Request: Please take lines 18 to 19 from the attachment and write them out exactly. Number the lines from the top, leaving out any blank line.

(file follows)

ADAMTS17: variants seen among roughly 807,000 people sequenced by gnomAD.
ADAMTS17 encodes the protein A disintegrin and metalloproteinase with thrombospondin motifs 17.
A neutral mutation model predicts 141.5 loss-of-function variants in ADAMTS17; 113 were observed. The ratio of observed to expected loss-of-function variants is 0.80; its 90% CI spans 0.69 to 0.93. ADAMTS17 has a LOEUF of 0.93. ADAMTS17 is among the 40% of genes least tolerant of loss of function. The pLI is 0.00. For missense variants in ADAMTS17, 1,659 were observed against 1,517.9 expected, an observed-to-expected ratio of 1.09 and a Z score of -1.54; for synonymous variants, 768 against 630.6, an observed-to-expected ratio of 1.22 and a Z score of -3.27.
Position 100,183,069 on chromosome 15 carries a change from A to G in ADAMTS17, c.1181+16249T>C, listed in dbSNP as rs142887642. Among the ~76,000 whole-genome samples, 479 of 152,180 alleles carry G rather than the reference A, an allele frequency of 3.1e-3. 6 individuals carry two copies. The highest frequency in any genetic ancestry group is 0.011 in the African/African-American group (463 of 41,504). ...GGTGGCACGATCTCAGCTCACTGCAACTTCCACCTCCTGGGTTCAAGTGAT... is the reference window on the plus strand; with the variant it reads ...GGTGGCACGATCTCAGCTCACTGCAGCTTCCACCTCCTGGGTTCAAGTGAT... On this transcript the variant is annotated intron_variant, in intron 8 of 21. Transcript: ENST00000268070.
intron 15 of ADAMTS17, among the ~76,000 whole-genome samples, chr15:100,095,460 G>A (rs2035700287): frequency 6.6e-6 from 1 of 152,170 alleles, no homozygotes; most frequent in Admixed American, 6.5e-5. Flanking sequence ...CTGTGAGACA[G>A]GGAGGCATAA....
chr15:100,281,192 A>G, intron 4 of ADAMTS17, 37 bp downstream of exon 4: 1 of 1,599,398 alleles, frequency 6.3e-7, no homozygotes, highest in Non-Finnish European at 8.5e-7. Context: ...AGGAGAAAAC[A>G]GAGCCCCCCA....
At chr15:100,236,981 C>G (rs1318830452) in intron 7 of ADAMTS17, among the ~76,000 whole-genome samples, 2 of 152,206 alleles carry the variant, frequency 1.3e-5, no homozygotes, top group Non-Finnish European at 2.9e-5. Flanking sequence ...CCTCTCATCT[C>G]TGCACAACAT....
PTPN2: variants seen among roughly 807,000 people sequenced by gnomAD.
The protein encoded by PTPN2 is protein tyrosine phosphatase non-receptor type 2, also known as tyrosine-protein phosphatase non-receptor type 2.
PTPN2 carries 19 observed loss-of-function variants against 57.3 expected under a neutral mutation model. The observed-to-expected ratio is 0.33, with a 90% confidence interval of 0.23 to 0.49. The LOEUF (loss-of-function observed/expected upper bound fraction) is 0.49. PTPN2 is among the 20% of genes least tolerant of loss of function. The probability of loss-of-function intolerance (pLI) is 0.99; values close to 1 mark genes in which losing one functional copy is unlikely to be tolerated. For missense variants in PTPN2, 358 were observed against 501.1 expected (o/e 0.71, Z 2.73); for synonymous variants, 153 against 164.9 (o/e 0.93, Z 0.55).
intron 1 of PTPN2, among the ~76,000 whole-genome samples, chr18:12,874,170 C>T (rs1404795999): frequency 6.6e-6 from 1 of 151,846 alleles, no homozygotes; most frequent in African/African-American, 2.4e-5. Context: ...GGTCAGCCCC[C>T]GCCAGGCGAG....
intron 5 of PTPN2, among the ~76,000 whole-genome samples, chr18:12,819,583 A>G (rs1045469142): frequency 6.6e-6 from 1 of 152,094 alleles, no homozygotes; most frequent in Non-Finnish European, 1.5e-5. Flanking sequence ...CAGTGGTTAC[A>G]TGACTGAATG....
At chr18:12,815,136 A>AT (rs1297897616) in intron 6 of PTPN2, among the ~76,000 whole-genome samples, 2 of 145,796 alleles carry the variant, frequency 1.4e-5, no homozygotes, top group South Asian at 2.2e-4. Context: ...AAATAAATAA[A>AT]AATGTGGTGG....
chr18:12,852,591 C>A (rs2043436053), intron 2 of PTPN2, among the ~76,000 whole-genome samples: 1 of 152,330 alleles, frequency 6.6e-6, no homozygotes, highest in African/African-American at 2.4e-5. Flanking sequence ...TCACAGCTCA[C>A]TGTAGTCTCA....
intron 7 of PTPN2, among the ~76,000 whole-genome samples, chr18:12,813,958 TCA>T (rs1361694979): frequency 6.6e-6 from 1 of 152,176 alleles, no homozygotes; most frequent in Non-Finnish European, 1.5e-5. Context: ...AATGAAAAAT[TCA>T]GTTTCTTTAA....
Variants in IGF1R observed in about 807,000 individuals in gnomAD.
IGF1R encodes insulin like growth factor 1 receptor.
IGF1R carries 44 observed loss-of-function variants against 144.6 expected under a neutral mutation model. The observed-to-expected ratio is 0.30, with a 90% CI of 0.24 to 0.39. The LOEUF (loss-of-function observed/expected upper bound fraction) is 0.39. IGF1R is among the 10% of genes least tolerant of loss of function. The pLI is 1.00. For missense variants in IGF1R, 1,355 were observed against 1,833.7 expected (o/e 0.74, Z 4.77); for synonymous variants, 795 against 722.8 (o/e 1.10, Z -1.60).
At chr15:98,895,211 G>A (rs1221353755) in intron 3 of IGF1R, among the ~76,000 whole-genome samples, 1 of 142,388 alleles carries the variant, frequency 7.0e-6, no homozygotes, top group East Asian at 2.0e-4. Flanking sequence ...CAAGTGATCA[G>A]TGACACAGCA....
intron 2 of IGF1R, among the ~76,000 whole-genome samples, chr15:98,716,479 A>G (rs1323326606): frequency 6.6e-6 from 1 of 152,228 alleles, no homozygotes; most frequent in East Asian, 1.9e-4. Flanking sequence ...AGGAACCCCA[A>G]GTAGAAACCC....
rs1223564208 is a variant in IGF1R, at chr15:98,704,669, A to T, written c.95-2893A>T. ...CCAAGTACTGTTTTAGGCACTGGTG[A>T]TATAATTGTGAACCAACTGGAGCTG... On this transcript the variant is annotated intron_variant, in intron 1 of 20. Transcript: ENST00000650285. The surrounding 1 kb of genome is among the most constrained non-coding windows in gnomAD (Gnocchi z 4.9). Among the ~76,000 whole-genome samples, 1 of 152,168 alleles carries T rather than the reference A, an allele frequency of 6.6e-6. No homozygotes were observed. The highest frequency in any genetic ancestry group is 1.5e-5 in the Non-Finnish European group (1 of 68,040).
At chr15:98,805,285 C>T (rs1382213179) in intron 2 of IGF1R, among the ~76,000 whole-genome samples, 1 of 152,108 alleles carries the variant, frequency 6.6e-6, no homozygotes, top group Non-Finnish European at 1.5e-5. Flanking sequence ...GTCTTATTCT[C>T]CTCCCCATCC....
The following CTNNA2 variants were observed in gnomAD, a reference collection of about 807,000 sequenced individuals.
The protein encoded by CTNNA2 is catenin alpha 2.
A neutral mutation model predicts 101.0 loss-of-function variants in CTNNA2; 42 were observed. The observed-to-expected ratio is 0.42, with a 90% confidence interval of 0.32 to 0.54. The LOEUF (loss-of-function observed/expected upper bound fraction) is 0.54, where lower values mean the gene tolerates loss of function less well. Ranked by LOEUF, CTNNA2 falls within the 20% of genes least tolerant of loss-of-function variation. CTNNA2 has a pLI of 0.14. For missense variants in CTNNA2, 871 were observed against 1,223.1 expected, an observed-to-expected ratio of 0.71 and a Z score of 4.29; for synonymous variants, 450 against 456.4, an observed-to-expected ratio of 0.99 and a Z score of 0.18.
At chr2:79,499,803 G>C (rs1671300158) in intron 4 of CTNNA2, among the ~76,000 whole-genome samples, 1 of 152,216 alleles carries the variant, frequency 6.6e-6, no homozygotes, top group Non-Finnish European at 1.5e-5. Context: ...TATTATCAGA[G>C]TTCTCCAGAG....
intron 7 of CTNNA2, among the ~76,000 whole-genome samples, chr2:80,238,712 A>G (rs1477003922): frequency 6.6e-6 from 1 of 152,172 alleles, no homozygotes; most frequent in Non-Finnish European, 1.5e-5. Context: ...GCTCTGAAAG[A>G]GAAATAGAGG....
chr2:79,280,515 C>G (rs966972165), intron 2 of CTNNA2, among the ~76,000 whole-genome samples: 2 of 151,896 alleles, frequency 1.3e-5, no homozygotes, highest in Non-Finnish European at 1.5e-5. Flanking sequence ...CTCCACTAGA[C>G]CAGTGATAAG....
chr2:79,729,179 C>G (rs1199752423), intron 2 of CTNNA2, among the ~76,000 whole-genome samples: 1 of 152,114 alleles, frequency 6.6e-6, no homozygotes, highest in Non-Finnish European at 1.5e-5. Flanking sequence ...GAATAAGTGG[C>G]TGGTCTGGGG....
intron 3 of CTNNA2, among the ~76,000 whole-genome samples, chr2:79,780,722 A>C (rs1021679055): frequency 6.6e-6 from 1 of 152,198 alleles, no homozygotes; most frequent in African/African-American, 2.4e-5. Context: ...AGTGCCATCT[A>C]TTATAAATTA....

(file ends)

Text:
IGF1R carries 44 observed loss-of-function variants against 144.6 expected under a neutral mutation model. The observed-to-expected ratio is 0.30, with a 90% CI of 0.24 to 0.39. The LOEUF (loss-of-function observed/expected upper bound fraction) is 0.39. IGF1R is among the 10% of genes least tolerant of loss of function. The pLI is 1.00. For missense variants in IGF1R, 1,355 were observed against 1,833.7 expected (o/e 0.74, Z 4.77); for synonymous variants, 795 against 722.8 (o/e 1.10, Z -1.60).
At chr15:98,895,211 G>A (rs1221353755) in intron 3 of IGF1R, among the ~76,000 whole-genome samples, 1 of 142,388 alleles carries the variant, frequency 7.0e-6, no homozygotes, top group East Asian at 2.0e-4. Flanking sequence ...CAAGTGATCA[G>A]TGACACAGCA....